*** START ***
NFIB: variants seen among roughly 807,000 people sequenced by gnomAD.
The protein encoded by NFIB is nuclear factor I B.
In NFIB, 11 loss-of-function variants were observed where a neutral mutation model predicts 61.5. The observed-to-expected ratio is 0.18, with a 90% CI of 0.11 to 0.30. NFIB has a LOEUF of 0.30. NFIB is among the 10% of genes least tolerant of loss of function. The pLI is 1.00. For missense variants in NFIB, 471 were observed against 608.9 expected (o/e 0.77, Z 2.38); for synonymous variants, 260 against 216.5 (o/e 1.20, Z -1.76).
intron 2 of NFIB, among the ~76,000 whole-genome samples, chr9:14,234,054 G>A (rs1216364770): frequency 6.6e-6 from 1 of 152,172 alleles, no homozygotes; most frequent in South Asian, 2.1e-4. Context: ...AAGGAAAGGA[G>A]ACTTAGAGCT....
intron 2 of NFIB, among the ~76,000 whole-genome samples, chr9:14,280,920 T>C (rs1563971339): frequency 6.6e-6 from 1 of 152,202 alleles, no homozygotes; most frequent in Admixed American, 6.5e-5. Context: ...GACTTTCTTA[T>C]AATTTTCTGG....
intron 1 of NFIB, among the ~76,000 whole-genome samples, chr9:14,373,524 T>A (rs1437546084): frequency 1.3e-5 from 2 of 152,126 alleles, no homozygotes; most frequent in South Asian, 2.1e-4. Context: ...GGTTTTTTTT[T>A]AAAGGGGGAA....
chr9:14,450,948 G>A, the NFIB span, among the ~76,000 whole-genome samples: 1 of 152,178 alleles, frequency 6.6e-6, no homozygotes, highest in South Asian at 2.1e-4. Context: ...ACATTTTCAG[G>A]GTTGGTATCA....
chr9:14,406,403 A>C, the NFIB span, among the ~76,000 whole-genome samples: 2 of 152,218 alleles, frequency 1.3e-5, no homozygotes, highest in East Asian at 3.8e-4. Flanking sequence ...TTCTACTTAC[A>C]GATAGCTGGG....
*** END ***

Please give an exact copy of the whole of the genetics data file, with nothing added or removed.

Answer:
NFIB: variants seen among roughly 807,000 people sequenced by gnomAD.
The protein encoded by NFIB is nuclear factor I B.
In NFIB, 11 loss-of-function variants were observed where a neutral mutation model predicts 61.5. The observed-to-expected ratio is 0.18, with a 90% CI of 0.11 to 0.30. NFIB has a LOEUF of 0.30. NFIB is among the 10% of genes least tolerant of loss of function. The pLI is 1.00. For missense variants in NFIB, 471 were observed against 608.9 expected (o/e 0.77, Z 2.38); for synonymous variants, 260 against 216.5 (o/e 1.20, Z -1.76).
intron 2 of NFIB, among the ~76,000 whole-genome samples, chr9:14,234,054 G>A (rs1216364770): frequency 6.6e-6 from 1 of 152,172 alleles, no homozygotes; most frequent in South Asian, 2.1e-4. Context: ...AAGGAAAGGA[G>A]ACTTAGAGCT....
intron 2 of NFIB, among the ~76,000 whole-genome samples, chr9:14,280,920 T>C (rs1563971339): frequency 6.6e-6 from 1 of 152,202 alleles, no homozygotes; most frequent in Admixed American, 6.5e-5. Context: ...GACTTTCTTA[T>C]AATTTTCTGG....
intron 1 of NFIB, among the ~76,000 whole-genome samples, chr9:14,373,524 T>A (rs1437546084): frequency 1.3e-5 from 2 of 152,126 alleles, no homozygotes; most frequent in South Asian, 2.1e-4. Context: ...GGTTTTTTTT[T>A]AAAGGGGGAA....
chr9:14,450,948 G>A, the NFIB span, among the ~76,000 whole-genome samples: 1 of 152,178 alleles, frequency 6.6e-6, no homozygotes, highest in South Asian at 2.1e-4. Context: ...ACATTTTCAG[G>A]GTTGGTATCA....
chr9:14,406,403 A>C, the NFIB span, among the ~76,000 whole-genome samples: 2 of 152,218 alleles, frequency 1.3e-5, no homozygotes, highest in East Asian at 3.8e-4. Flanking sequence ...TTCTACTTAC[A>C]GATAGCTGGG....